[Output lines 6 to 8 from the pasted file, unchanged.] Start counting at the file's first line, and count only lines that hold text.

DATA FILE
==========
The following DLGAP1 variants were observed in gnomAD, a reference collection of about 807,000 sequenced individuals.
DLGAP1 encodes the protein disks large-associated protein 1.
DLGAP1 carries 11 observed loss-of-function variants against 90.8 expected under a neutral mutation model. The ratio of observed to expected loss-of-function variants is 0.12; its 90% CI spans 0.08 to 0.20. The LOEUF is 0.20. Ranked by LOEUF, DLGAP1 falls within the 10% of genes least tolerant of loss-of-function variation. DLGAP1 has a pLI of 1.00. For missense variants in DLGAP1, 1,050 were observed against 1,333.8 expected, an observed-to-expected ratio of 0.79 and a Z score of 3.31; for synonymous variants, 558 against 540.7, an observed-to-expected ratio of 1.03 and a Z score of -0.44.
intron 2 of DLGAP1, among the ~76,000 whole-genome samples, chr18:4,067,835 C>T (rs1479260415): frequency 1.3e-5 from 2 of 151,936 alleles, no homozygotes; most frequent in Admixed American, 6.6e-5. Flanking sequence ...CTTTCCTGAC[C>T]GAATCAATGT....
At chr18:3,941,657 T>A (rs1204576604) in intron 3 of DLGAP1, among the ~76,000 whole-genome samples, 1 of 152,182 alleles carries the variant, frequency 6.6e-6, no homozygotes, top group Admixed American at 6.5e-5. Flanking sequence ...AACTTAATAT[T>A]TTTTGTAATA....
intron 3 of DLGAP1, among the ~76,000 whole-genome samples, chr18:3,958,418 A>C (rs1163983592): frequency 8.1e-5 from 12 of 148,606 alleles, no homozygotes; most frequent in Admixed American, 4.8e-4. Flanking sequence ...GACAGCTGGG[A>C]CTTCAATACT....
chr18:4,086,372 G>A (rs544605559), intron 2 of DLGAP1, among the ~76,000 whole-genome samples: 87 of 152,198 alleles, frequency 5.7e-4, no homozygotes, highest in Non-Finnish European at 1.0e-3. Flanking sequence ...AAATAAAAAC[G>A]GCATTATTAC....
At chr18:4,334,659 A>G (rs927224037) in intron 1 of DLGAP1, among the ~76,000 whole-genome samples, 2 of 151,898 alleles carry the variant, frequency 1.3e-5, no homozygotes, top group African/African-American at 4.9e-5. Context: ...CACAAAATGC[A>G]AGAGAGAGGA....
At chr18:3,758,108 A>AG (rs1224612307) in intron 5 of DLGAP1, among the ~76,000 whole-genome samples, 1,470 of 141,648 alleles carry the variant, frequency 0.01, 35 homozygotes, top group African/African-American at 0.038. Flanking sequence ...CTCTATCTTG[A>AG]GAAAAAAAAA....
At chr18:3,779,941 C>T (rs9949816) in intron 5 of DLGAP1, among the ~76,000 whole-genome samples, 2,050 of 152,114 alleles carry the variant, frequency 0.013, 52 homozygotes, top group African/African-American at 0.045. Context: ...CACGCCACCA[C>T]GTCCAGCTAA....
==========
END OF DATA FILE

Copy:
intron 3 of DLGAP1, among the ~76,000 whole-genome samples, chr18:3,958,418 A>C (rs1163983592): frequency 8.1e-5 from 12 of 148,606 alleles, no homozygotes; most frequent in Admixed American, 4.8e-4. Flanking sequence ...GACAGCTGGG[A>C]CTTCAATACT....
chr18:4,086,372 G>A (rs544605559), intron 2 of DLGAP1, among the ~76,000 whole-genome samples: 87 of 152,198 alleles, frequency 5.7e-4, no homozygotes, highest in Non-Finnish European at 1.0e-3. Flanking sequence ...AAATAAAAAC[G>A]GCATTATTAC....
At chr18:4,334,659 A>G (rs927224037) in intron 1 of DLGAP1, among the ~76,000 whole-genome samples, 2 of 151,898 alleles carry the variant, frequency 1.3e-5, no homozygotes, top group African/African-American at 4.9e-5. Context: ...CACAAAATGC[A>G]AGAGAGAGGA....